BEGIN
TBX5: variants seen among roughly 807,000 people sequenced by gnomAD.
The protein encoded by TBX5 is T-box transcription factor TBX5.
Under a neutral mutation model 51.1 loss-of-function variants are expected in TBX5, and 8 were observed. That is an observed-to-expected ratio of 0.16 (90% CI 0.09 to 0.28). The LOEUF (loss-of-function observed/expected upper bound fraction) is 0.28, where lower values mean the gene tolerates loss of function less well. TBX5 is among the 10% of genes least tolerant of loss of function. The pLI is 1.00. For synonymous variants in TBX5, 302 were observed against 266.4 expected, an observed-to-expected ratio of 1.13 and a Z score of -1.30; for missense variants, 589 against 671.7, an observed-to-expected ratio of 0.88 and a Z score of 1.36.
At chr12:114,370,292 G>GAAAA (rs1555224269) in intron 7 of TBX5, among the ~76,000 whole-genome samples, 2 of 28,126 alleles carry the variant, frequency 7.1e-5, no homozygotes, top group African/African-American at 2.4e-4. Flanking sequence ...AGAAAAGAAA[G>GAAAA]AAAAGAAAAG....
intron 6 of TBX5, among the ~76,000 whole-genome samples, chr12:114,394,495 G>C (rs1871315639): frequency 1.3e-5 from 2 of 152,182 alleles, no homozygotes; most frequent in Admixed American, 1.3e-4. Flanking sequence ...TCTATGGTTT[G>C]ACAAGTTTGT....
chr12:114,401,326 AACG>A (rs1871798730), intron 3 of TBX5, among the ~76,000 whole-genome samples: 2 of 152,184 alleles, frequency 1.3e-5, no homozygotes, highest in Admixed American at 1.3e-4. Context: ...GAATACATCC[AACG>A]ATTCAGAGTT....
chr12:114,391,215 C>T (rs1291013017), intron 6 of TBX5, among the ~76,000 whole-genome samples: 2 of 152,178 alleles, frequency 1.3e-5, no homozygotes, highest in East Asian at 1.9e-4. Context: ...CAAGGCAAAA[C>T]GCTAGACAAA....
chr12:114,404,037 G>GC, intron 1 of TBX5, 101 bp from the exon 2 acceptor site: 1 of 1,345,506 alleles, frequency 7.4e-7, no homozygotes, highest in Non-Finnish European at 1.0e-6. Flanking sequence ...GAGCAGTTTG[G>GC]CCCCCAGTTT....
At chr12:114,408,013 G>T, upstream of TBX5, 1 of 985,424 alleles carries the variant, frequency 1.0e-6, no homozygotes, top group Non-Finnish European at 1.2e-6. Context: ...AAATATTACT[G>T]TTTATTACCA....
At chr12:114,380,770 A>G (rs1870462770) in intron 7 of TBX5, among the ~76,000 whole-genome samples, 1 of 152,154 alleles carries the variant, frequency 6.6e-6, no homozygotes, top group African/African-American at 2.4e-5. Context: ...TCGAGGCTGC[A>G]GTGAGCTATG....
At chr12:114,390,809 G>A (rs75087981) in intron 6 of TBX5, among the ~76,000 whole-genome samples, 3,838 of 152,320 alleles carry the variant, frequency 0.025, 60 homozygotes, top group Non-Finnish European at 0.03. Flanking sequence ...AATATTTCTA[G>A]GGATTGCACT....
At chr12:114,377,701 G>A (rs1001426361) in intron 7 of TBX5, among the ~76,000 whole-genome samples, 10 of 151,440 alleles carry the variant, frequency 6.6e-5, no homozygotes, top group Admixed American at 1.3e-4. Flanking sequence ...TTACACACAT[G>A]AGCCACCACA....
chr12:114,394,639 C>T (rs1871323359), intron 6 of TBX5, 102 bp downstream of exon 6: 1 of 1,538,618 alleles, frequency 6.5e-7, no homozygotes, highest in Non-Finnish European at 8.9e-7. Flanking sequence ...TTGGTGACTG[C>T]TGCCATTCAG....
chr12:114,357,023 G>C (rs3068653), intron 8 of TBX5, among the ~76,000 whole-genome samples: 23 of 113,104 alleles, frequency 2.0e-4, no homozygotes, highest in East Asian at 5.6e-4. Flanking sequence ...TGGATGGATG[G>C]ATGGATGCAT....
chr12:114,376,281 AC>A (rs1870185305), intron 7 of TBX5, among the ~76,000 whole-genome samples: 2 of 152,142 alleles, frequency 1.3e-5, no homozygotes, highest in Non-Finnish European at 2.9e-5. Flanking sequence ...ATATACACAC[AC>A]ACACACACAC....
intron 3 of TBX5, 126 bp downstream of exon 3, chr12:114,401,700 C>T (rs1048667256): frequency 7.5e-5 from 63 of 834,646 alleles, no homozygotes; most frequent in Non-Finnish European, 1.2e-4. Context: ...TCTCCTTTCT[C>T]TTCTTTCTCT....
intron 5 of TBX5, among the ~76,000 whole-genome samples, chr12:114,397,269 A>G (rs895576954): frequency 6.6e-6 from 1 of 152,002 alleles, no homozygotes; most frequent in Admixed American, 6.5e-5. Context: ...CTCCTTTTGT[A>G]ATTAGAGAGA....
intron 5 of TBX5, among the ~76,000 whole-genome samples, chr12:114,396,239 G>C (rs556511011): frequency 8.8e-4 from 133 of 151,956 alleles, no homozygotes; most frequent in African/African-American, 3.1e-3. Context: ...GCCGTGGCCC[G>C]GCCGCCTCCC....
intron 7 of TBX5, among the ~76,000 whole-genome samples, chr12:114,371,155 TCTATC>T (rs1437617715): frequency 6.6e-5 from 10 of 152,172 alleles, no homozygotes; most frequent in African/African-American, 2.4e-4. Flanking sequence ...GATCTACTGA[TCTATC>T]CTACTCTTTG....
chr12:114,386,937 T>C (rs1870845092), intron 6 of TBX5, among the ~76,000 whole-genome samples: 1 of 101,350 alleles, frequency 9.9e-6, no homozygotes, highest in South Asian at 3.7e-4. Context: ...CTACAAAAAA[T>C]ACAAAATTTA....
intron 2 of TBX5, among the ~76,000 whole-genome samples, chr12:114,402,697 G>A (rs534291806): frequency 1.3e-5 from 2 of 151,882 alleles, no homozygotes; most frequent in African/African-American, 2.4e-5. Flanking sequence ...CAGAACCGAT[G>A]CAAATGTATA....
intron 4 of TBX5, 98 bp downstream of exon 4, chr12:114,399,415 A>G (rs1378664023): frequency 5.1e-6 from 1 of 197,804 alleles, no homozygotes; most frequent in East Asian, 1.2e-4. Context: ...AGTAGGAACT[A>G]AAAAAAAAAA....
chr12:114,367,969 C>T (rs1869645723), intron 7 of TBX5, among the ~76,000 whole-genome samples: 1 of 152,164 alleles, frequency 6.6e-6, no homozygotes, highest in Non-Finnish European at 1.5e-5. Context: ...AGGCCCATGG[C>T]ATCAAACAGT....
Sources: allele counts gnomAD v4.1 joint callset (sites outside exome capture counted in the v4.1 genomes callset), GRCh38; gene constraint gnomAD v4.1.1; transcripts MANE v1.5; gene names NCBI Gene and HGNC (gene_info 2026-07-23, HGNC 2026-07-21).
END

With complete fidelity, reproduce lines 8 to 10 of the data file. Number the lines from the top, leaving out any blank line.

chr12:114,404,037 G>GC, intron 1 of TBX5, 101 bp from the exon 2 acceptor site: 1 of 1,345,506 alleles, frequency 7.4e-7, no homozygotes, highest in Non-Finnish European at 1.0e-6. Flanking sequence ...GAGCAGTTTG[G>GC]CCCCCAGTTT....
At chr12:114,408,013 G>T, upstream of TBX5, 1 of 985,424 alleles carries the variant, frequency 1.0e-6, no homozygotes, top group Non-Finnish European at 1.2e-6. Context: ...AAATATTACT[G>T]TTTATTACCA....
At chr12:114,380,770 A>G (rs1870462770) in intron 7 of TBX5, among the ~76,000 whole-genome samples, 1 of 152,154 alleles carries the variant, frequency 6.6e-6, no homozygotes, top group African/African-American at 2.4e-5. Context: ...TCGAGGCTGC[A>G]GTGAGCTATG....